Lecture notes | A script will be provided. | |||||

227-1047-00L | Consciousness: From Philosophy to Neuroscience (University of Zurich) No enrolment to this course at ETH Zurich. Book the corresponding module directly at UZH. UZH Module Code: INI410 Mind the enrolment deadlines at UZH: Link | W | 3 credits | 2V | D. Kiper, A. Gamma | |

Abstract | This seminar reviews the philosophical and phenomenological as well as the neurobiological aspects of consciousness. The subjective features of consciousness are explored, and modern research into its neural substrate, particularly in the visual domain, is explained. Emphasis is placed on students developing their own thinking through a discussion-centered course structure. | |||||

Objective | The course's goal is to give an overview of the contemporary state of consciousness research, with emphasis on the contributions brought by modern cognitive neuroscience. We aim to clarify concepts, explain their philosophical and scientific backgrounds, and to present experimental protocols that shed light on on a variety of consciousness related issues. | |||||

Content | The course includes discussions of scientific as well as philosophical articles. We review current schools of thought, models of consciousness, and proposals for the neural correlate of consciousness (NCC). | |||||

Lecture notes | None | |||||

Literature | We display articles pertaining to the issues we cover in the class on the course's webpage. | |||||

Prerequisites / Notice | Since we are all experts on consciousness, we expect active participation and discussions! | |||||

402-0674-00L | Physics in Medical Research: From Atoms to Cells | W | 6 credits | 2V + 1U | B. K. R. Müller | |

Abstract | Scanning probe and diffraction techniques allow studying activated atomic processes during early stages of epitaxial growth. For quantitative description, rate equation analysis, mean-field nucleation and scaling theories are applied on systems ranging from simple metallic to complex organic materials. The knowledge is expanded to optical and electronic properties as well as to proteins and cells. | |||||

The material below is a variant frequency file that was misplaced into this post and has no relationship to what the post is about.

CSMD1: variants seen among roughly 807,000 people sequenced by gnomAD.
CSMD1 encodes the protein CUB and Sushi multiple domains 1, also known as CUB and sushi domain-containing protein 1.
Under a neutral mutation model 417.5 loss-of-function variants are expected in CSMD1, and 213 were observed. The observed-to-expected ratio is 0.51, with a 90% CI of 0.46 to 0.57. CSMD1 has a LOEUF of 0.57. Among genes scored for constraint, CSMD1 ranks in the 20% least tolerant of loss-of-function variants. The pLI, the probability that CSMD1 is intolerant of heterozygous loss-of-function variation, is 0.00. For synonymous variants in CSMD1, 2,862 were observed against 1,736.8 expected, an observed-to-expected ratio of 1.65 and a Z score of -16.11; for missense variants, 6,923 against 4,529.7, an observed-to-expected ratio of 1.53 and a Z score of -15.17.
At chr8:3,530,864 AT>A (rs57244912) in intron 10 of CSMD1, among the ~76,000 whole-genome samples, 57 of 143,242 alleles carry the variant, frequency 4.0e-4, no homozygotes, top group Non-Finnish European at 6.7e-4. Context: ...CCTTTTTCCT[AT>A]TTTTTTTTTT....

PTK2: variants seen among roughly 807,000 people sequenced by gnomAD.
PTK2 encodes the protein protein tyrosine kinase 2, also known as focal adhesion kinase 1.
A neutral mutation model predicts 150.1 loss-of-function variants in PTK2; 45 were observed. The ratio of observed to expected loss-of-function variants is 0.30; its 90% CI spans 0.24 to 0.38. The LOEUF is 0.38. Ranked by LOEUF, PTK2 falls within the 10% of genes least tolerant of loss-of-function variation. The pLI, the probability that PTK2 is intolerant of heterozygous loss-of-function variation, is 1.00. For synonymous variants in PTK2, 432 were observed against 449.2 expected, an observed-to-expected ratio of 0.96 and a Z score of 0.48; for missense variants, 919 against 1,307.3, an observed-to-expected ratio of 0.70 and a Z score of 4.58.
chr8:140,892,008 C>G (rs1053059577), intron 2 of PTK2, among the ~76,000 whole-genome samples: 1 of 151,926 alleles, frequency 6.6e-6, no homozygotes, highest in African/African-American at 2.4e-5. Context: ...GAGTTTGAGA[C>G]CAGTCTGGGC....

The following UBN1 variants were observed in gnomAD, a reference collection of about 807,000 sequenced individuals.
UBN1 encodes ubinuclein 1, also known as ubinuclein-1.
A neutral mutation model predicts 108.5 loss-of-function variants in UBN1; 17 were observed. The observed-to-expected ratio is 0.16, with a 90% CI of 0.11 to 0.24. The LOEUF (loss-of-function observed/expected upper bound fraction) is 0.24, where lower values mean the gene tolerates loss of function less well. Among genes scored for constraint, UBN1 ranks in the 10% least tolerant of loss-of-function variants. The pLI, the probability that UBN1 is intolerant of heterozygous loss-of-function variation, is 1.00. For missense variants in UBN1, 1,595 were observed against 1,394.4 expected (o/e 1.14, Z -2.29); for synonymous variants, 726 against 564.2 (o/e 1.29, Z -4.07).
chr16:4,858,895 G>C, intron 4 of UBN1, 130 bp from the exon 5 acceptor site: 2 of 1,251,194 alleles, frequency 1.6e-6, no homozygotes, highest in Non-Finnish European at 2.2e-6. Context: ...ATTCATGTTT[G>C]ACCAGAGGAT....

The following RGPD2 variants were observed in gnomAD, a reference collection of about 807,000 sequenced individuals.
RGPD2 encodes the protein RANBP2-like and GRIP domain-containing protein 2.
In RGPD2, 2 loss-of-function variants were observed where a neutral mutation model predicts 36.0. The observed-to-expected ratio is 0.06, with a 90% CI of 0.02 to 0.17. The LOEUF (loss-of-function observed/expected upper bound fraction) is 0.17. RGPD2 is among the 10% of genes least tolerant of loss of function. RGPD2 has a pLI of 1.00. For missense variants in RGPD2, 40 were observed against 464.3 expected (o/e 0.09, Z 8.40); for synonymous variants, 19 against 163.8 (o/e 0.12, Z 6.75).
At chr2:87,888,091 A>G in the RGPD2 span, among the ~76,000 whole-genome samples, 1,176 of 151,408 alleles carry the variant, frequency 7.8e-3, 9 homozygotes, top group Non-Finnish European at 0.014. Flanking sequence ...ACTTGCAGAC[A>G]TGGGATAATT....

Objective | The lecture series is motivated by an overview covering the skin of the crystals, roughness analysis, contact angle measurements, protein absorption/activity and monocyte behaviour. As the first step, real structures on clean surfaces including surface reconstructions and surface relaxations, defects in crystals are presented, before the preparation of clean metallic, semiconducting, oxidic and organic surfaces are introduced. The atomic processes on surfaces are activated by the increase of the substrate temperature. They can be studied using scanning tunneling microscopy (STM) and atomic force microscopy (AFM). The combination with molecular beam epitaxy (MBE) allows determining the sizes of the critical nuclei and the other activated processes in a hierarchical fashion. The evolution of the surface morphology is characterized by the density and size distribution of the nanostructures that could be quantified by means of the rate equation analysis, the mean-field nucleation theory, as well as the scaling theory. The surface morphology is further characterized by defects and nanostructure's shapes, which are based on the strain relieving mechanisms and kinetic growth processes. High-resolution electron diffraction is complementary to scanning probe techniques and provides exact mean values. Some phenomena are quantitatively described by the kinematic theory and perfectly understood by means of the Ewald construction. Other phenomena need to be described by the more complex dynamical theory. Electron diffraction is not only associated with elastic scattering but also inelastic excitation mechanisms that reflect the electronic structure of the surfaces studied. Low-energy electrons lead to phonon and high-energy electrons to plasmon excitations. Both effects are perfectly described by dipole and impact scattering. Thin-films of rather complex organic materials are often quantitatively characterized by photons with a broad range of wavelengths from ultra-violet to infra-red light. Asymmetries and preferential orientations of the (anisotropic) molecules are verified using the optical dichroism and second harmonic generation measurements. These characterization techniques are vital for optimizing the preparation of medical implants and the determination of tissue's anisotropies within the human body. Cell-surface interactions are related to the cell adhesion and the contractile cellular forces. Physical means have been developed to quantify these interactions. Other physical techniques are introduced in cell biology, namely to count and sort cells, to study cell proliferation and metabolism and to determine the relation between cell morphology and function. 3D scaffolds are important for tissue augmentation and engineering. Design, preparation methods, and characterization of these highly porous 3D microstructures are also presented. Visiting clinical research in a leading university hospital will show the usefulness of the lecture series. | |||||